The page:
The University of Edinburgh -
Division of Informatics
Forrest Hill & 80 South Bridge

MSc Thesis #9586

Title:Generating Neural Networks with Genetic Algorithms Using a Marker Based Encoding
Date: 1995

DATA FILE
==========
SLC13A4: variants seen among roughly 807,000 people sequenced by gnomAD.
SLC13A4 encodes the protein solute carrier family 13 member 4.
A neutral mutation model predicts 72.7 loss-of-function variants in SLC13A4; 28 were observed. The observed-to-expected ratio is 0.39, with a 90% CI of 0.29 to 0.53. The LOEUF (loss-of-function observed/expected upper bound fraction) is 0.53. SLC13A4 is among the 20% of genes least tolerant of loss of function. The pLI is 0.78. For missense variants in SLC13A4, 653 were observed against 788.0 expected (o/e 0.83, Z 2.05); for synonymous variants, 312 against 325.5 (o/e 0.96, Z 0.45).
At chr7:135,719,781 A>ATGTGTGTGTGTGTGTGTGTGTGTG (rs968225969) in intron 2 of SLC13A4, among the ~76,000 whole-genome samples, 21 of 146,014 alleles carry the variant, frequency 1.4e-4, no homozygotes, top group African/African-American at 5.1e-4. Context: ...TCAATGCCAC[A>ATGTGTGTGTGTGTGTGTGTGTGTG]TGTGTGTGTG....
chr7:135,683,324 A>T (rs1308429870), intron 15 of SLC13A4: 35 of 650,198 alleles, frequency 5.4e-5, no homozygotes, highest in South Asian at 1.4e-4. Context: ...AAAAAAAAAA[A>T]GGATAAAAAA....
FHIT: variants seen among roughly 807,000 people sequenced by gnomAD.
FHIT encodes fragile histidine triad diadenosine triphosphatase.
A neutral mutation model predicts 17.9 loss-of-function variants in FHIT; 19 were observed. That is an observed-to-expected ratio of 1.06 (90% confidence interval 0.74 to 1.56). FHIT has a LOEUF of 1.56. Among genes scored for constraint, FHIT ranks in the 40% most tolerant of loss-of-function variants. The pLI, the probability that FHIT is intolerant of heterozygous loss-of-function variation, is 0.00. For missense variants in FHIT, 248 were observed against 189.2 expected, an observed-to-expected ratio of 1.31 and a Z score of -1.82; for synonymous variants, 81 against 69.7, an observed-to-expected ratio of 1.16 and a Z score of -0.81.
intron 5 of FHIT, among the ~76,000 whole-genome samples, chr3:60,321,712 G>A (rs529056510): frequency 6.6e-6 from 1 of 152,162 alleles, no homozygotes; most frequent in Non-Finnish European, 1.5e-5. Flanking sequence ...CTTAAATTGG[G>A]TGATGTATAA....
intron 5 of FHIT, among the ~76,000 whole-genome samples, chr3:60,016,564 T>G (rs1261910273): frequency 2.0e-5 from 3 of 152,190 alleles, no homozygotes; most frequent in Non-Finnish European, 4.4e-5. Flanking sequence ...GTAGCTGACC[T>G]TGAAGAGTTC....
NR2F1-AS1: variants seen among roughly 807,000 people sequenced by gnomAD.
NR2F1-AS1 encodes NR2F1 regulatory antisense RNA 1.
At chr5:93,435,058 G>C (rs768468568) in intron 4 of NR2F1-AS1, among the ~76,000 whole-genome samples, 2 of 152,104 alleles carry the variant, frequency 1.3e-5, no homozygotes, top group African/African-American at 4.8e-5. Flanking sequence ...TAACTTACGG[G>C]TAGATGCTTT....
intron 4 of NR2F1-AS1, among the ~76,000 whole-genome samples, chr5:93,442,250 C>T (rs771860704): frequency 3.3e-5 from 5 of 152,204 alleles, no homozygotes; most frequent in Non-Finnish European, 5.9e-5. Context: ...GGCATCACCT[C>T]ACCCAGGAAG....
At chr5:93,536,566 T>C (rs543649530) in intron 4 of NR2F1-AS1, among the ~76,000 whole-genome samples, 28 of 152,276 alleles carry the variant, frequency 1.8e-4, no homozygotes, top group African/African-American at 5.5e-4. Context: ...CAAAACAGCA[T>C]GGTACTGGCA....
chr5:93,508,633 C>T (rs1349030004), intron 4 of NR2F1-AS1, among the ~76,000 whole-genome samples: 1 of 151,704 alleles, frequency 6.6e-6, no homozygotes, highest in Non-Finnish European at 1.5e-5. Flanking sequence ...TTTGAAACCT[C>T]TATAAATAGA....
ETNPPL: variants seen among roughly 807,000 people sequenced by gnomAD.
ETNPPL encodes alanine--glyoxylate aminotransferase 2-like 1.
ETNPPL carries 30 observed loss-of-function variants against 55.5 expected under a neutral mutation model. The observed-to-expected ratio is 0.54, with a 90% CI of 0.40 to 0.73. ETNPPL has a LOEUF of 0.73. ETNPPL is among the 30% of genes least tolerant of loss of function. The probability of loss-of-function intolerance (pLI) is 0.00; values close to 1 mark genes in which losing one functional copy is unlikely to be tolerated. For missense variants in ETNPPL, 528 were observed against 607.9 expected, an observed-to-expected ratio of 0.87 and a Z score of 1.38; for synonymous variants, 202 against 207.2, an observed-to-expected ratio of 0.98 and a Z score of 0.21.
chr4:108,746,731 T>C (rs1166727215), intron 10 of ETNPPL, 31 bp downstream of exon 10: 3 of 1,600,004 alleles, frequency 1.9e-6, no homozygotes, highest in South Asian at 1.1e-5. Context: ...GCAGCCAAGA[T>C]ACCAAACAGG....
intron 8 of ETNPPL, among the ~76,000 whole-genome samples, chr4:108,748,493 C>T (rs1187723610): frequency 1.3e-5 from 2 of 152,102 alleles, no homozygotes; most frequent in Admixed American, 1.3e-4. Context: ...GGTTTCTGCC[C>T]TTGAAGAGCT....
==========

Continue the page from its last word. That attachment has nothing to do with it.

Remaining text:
Abstract:Genetic algorithms and other evolutionary approaches are commonly used to generate neural networks. Marker based encoding is a novel approach to direct linear encoding of a neural network onto a chromosome representation for use by a genetic algorithm. Previous work has generated promising results using marker based encoding; its ability to evolve network structure as well as weights being a strong point, as this allows problems for which an appropriate network structure is not known to be tackled. We set out to examine how the encoding works, how sensitive it is to input parameters, find guidelines for appropriate setting of parameters, and how effective it is when compared to other methods and when scaled up to solve larger problems. It is concluded that the algorithm as it stands works more as a method of stochastic hill-climbing than a true genetic algorithm; it is nonetheless effective for certain types of problem, but more likely to be susceptible to entrapment by local peaks in the evaluation function surface than other genetic algorithms. Crossover is ineffective on a diverse population due to the competing conventions problem, but is successful at recombining mutations once convergence is close. Crossover has several side effects under MBE which are analysed. The algorithm is found to be fairly resistant to its parameter values, and guidelines are given for setting them effectively. It is unlikely to scale up well for large problems, but provides ideas and lessons for other evolutionary methods to draw on.

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